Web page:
However, that extreme biological organization does not deter the naturalistic mindset from continuing in its belief system. In Intelligent Design Creationism and Its Critics, Robert Pennock wrote, “Genetic engineering may one day allow humans to create life, but so far we do not have a single case of intelligent creation of life; rather our universal experience to date is that only unintelligent material processes do so.” I have a hard time following the logic that if over 1,000 man-years of origin of life research cannot create life then that means only unintelligent processes are able to do it. Pennock’s statement is permeated with bias.

One need not read far into the biological literature to find the inception of life glossed over. Andrew Parker in his book, In the Blink of an Eye, states, “But once the first protein molecule had assembled, a self-replicating system would have come into play, which would then develop by natural selection.” My advice to a baseball coach is do not send a third baseman in to play before he has undergone conception, birth, and some development. Of course, my point is that the self-replicating system would have needed highly sophisticated development before it could have worked at all. If it were possible for natural selection to work on a system that had not yet reached the point of having any functional purpose, it would always work toward eliminating that useless baggage.

The evidence from biological systems lends powerful support to the viewpoint that there is a God. However, we must walk by faith, and God leaves some wiggle-room for the unbeliever. This is shown by the irony of what did and did not prompt faith in God by two former atheists who came to believe in Him.

In his book, There is a God: How the World’s Most Notorious Atheist Changed His Mind, Antony Flew wrote, “It is paradoxical indeed that my first published argument for atheism was originally presented at a forum presided over by the greatest Christian apologist of the last century—the Socratic Club chaired by C. S. Lewis.” He also addresses how the enormous complexity of DNA and its resulting functions demand creative Intelligence. So while Flew felt he had satisfactorily answered Lewis, biological organization was part of the reason for his acknowledging God’s existence.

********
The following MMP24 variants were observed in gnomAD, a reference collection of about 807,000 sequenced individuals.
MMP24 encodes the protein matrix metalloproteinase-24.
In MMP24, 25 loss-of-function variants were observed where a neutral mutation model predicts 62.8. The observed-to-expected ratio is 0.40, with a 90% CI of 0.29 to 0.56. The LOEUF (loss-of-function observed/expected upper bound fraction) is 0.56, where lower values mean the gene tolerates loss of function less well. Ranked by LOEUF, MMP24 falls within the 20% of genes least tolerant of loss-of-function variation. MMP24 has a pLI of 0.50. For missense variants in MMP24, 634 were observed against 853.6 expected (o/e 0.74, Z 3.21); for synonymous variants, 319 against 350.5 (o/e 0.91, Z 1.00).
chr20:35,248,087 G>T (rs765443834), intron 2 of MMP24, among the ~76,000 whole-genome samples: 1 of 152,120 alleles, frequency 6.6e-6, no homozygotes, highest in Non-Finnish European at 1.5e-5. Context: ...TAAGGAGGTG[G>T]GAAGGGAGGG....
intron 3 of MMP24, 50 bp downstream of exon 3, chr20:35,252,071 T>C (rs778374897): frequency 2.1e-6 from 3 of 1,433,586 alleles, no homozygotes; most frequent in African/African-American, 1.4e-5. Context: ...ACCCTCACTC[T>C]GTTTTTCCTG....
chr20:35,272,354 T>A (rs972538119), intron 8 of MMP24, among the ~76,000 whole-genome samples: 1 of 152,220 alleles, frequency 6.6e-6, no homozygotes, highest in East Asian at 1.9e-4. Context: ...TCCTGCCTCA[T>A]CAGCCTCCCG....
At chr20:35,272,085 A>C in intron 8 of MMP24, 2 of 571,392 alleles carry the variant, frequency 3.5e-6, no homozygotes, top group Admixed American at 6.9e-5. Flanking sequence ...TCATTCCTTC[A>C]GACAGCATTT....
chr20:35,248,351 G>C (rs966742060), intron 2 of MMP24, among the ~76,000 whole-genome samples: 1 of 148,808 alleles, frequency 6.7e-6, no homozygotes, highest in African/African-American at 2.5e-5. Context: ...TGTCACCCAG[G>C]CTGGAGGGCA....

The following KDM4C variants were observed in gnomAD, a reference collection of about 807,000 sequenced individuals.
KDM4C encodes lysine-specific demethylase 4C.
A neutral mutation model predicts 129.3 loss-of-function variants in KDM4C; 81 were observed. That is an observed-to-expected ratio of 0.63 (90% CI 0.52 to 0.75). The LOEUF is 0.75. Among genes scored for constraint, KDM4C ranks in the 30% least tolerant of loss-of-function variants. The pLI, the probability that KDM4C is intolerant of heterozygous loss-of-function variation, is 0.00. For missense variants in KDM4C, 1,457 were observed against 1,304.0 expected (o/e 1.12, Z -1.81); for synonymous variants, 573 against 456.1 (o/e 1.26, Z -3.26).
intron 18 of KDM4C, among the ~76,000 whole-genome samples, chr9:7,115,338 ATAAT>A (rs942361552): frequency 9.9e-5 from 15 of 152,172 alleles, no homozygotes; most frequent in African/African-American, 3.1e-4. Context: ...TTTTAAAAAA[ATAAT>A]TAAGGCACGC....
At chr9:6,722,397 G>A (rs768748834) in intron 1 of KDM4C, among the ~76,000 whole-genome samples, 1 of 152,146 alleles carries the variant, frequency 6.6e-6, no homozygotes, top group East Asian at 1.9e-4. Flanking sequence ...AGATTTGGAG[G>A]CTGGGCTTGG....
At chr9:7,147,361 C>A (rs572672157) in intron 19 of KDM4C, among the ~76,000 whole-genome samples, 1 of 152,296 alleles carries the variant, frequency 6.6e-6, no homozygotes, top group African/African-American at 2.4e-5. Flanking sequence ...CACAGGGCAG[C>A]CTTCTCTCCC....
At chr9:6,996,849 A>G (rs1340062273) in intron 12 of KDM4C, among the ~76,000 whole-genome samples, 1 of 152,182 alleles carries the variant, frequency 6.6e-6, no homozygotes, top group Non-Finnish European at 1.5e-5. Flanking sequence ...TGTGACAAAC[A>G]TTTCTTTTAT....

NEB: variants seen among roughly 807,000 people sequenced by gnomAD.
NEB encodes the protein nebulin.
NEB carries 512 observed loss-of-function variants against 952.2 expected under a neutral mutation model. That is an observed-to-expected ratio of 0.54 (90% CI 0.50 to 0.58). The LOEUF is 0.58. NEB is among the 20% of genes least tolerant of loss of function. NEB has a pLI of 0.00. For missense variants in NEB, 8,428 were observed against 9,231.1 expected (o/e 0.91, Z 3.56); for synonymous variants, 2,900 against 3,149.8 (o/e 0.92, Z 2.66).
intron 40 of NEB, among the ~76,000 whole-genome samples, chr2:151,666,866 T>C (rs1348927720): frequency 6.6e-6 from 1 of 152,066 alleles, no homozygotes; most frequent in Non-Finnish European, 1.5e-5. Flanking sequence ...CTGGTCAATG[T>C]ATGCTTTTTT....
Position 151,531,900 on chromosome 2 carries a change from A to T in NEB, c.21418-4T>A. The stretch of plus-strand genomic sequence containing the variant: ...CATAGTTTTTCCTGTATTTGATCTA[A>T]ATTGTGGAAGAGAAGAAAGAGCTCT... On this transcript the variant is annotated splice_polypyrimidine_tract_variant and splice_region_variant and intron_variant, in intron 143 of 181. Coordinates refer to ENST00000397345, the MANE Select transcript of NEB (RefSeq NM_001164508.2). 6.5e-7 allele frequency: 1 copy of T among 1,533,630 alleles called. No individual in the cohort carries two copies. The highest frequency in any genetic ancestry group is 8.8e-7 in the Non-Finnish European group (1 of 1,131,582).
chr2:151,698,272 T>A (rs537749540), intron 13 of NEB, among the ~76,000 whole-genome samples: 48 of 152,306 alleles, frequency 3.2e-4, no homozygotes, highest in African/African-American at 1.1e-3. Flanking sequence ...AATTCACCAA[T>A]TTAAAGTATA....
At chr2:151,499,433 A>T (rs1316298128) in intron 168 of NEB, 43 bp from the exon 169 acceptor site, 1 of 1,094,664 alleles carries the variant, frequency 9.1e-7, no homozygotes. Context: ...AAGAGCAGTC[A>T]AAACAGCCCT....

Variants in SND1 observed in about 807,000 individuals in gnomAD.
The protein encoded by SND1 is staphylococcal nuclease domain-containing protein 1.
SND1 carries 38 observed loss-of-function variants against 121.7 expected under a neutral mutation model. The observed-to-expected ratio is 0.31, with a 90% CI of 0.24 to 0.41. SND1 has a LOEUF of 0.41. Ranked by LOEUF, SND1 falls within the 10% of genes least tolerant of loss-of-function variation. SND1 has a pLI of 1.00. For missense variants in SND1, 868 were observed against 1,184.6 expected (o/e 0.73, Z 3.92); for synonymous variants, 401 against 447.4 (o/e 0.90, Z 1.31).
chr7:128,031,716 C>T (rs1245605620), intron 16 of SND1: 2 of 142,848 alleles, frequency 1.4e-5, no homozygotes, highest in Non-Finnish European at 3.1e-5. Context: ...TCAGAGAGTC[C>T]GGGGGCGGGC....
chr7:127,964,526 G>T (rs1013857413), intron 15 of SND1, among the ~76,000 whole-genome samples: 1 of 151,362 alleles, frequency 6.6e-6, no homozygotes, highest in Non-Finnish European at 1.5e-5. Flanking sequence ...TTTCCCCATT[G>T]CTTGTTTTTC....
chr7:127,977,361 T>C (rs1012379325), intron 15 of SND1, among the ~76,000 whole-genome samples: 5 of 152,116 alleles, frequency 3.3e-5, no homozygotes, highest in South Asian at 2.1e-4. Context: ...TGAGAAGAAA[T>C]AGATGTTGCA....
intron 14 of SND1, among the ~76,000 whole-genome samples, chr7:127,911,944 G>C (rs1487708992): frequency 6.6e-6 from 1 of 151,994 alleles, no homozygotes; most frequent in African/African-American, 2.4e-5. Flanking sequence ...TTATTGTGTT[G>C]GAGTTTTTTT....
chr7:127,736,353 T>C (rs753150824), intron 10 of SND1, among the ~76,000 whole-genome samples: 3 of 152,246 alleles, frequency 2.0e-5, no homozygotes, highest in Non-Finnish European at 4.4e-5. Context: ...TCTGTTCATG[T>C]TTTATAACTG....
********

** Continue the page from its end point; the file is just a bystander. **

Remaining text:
In contrast, Francis Collins, who headed the human genome project, perceives the weight of evidence for faith balanced more away from DNA and toward C. S. Lewis’ apologetic writings. In The Language of God, he acknowledges a relationship between God and DNA. He also understands the inability of modern science to fill the origin of life gap with a naturalistic explanation, but he thinks that gap may one day be filled and that it is “not the place for a thoughtful person to wager his faith.” However, Mere Christianity by Lewis played a major part in Collins’ path from atheism to faith.

While it seems ironic that the DNA person builds faith from Lewis and the person from a Lewis background finds faith through DNA, I do not want to leave the impression that they are polarized over an issue. Each has made a significant contribution to apologetic literature, and, in fact, only Collins’ endorsement of Flew’s book appears on the front cover of its dust jacket.

However, I do disagree with Collins’ view of some biological gaps. I think that some gaps, including the one at the origin of life, have become progressively more defined by research and will ever be a challenge to the atheistic paradigm.

The agnostic anthropologist, Loren Eiseley, wrote in his book, The Star Thrower, “Only in writing can the cry from the great cross of Golgotha still be heard in the minds of men.” Eiseley was influenced by the character and love of Jesus, but while the New Testament had some instructional influence on Eiseley’s life, he did not perceive it as a message directing him to eternal salvation in Jesus Christ by the grace of God. In contrast, the believer has decided that the New Testament contains significant instructional information for his life that needs to be understood and utilized.

Pierre Grasse’s 1977 book, Evolution of Living Organisms, attacked mainstream evolutionary thinking; however, what disturbed traditional evolutionists the most was his final words, “Perhaps in this area biology can go no further: the rest is metaphysics.” Somewhere there is that “beyond the physical realm.” Only faith will take you there. Ultimately, Christian faith comes to rest, not on biologically coded information, but on the written information of a cross on Golgotha and of an empty tomb.

Back to Contents Does God Exist?, NovDec09.